Canada really did choose the best time of year to celebrate Thanksgiving. The weather in early October is still lovely, the trees are brilliant, and the bountiful fall harvest is at its peak. No wonder it's my favourite holiday!
There is so much bounty to celebrate at this time of year, and never has it been more noticeable to me than when I signed up for a CSA share. Just when I thought the flow of summer vegetables would start trickling off, the autumnal crops came in with a bang – loads of cool-loving vegetables filling the fridge and pantry shelves to overflowing, almost more than my family of four can eat in a week. The desire to join with others to share this fresh, delicious food is instinctive, which makes it easy to understand why so many people and cultures have developed harvest holidays at this time of year.
My family’s harvest holiday, Canadian Thanksgiving, is taking place this weekend. Although Monday is the official holiday, our big family dinner is on Sunday. My parents’ home on a lake in the forest near Algonquin Park, Ontario, is the destination for all extended family members who are within driving distance. Unfortunately, with one sibling living in Belgium, another in Newfoundland, and a cousin in Laos, it is a smaller group than usual, but that doesn’t detract from the loads of laughter, stories, and fun that are shared over the course of three days.Seasonal, local food plays a central role at Thanksgiving, as it should. The meal’s centerpiece is an heirloom turkey, raised on a friend’s nearby farm. It tastes completely different than the genetically modified, breast-heavy, dry Butterball turkeys that are incapable of reproducing naturally and dominate 99 percent of the North American turkey market. My mother orders the heirloom bird months ahead of time, as supply is limited.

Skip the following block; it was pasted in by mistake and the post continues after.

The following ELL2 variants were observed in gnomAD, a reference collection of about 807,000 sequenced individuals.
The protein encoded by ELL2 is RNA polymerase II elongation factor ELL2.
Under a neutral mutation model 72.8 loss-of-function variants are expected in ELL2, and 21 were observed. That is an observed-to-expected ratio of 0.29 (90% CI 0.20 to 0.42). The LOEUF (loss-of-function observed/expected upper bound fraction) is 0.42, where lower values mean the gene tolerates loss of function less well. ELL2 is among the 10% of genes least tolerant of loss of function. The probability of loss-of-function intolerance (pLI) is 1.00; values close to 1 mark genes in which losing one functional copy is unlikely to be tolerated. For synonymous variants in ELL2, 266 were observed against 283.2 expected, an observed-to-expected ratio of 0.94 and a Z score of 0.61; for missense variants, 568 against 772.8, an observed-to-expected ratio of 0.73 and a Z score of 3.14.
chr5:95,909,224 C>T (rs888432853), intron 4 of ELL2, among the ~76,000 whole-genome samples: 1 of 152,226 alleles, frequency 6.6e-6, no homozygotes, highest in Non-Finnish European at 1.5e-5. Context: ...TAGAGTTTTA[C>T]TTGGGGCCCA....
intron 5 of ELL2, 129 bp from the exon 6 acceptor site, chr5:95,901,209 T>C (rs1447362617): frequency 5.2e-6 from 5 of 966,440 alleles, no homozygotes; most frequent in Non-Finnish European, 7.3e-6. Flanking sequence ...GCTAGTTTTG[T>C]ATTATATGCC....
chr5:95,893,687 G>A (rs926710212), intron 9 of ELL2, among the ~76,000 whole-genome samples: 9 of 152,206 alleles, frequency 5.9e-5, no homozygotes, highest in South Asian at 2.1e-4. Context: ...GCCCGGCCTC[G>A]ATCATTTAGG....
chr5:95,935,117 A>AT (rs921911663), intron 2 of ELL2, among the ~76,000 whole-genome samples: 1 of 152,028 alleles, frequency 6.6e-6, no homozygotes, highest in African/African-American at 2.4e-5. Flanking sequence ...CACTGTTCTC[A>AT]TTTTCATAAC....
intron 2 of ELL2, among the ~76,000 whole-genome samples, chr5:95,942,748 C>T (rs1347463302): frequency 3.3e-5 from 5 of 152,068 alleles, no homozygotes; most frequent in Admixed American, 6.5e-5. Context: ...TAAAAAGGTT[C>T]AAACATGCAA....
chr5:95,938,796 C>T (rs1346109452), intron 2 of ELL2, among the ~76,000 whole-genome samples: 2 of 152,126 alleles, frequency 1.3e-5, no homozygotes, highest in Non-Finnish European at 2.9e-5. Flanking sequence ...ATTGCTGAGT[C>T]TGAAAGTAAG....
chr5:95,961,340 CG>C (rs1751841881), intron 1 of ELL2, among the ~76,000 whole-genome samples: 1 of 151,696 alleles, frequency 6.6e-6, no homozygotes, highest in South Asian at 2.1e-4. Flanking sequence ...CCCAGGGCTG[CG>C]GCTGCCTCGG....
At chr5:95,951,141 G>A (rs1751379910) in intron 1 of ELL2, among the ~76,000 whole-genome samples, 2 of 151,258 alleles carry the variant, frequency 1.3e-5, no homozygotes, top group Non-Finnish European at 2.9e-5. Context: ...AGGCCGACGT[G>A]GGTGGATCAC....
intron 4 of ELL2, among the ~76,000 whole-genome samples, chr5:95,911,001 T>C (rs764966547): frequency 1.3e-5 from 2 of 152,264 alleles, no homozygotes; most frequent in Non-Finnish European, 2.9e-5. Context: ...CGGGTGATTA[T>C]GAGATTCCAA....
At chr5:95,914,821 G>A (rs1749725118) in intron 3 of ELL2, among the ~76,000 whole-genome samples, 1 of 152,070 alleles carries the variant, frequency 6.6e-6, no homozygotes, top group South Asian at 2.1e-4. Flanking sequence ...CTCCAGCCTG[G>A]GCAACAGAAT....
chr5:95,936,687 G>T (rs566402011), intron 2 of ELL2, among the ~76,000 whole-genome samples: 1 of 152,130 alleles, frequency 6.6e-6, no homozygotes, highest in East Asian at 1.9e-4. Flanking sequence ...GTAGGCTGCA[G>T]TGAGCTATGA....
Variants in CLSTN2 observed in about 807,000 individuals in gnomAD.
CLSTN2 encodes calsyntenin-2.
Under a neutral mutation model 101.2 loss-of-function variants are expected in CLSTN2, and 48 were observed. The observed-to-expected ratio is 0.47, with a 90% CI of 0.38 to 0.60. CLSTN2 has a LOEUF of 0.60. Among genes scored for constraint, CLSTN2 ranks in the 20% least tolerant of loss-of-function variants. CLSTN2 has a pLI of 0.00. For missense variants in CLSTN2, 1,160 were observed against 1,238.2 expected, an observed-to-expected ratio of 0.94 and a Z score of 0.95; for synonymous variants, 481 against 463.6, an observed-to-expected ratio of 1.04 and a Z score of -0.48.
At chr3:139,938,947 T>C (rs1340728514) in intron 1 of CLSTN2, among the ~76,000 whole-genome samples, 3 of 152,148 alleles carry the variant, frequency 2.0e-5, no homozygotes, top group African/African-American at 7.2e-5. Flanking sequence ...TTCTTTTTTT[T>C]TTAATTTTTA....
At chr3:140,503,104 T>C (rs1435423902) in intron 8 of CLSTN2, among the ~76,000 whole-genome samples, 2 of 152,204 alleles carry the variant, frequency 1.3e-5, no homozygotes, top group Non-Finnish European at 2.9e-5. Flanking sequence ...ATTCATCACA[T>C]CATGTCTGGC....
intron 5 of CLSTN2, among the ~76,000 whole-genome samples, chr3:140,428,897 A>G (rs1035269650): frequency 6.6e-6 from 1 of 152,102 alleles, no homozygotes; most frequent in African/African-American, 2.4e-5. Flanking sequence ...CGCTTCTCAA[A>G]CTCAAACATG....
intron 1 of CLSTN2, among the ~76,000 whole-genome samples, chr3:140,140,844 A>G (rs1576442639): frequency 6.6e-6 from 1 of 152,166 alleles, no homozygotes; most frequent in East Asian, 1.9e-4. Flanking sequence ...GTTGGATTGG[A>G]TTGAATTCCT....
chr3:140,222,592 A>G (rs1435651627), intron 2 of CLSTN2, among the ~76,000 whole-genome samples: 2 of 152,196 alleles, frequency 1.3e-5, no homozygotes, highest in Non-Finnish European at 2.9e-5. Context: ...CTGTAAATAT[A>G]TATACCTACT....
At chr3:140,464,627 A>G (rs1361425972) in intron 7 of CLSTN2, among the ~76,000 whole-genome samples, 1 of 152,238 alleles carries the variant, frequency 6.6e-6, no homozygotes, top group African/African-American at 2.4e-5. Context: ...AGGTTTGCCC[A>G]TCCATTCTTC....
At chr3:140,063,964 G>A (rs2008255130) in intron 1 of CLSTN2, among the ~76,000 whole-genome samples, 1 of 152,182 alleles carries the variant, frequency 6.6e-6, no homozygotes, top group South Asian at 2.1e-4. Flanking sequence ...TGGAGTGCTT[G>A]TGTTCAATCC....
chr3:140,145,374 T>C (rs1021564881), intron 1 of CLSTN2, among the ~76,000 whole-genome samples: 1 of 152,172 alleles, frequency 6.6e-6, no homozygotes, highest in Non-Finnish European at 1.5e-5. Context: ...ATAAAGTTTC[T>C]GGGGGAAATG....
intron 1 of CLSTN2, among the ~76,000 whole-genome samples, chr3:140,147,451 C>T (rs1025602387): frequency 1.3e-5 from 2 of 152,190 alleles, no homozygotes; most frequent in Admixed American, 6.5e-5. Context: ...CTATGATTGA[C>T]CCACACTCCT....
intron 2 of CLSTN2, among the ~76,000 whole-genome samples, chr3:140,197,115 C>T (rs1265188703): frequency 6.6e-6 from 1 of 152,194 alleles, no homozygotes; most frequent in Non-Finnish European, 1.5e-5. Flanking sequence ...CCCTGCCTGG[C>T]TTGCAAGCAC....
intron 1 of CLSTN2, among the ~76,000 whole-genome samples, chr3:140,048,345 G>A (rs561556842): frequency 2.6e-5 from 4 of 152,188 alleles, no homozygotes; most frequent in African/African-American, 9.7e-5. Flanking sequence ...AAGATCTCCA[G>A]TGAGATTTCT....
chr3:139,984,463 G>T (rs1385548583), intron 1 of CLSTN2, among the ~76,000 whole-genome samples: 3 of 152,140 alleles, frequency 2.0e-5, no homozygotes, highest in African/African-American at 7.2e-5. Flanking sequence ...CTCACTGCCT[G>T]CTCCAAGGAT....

The rest of the family contributes whatever local bounty they can. I live in farm country, so I take a bushel each of apples and tomatoes, excess squash from my CSA, and several pounds of honey. My aunt and uncle from the Niagara region bring late summer fruits and artisanal breads. Grandma comes laden with homemade canned relish, chutney, and jam.
While the bird roasts, we head out on the annual pre-dinner hike that includes all guests. A crowd of loud, talkative family members and friends that ranges from age 2 to 85, we traipse through the beautiful deciduous forest, brilliant with red, orange, and gold leaves. By the time we get home a couple hours later, the house smells fabulous and our appetites are ravenous.
It’s a meal that I look forward to every year. It’s comforting and satisfying to eat a meal that is tied to the historic local food production system that is often forgotten in this era of food-importation, and yet is one of the reasons why early immigrants to North America were able to settle here. The way we eat at Thanksgiving should be an inspiration for the rest of the year – a reminder that we are surrounded by local, seasonal bounty that’s worth seeking out and eating on a regular basis.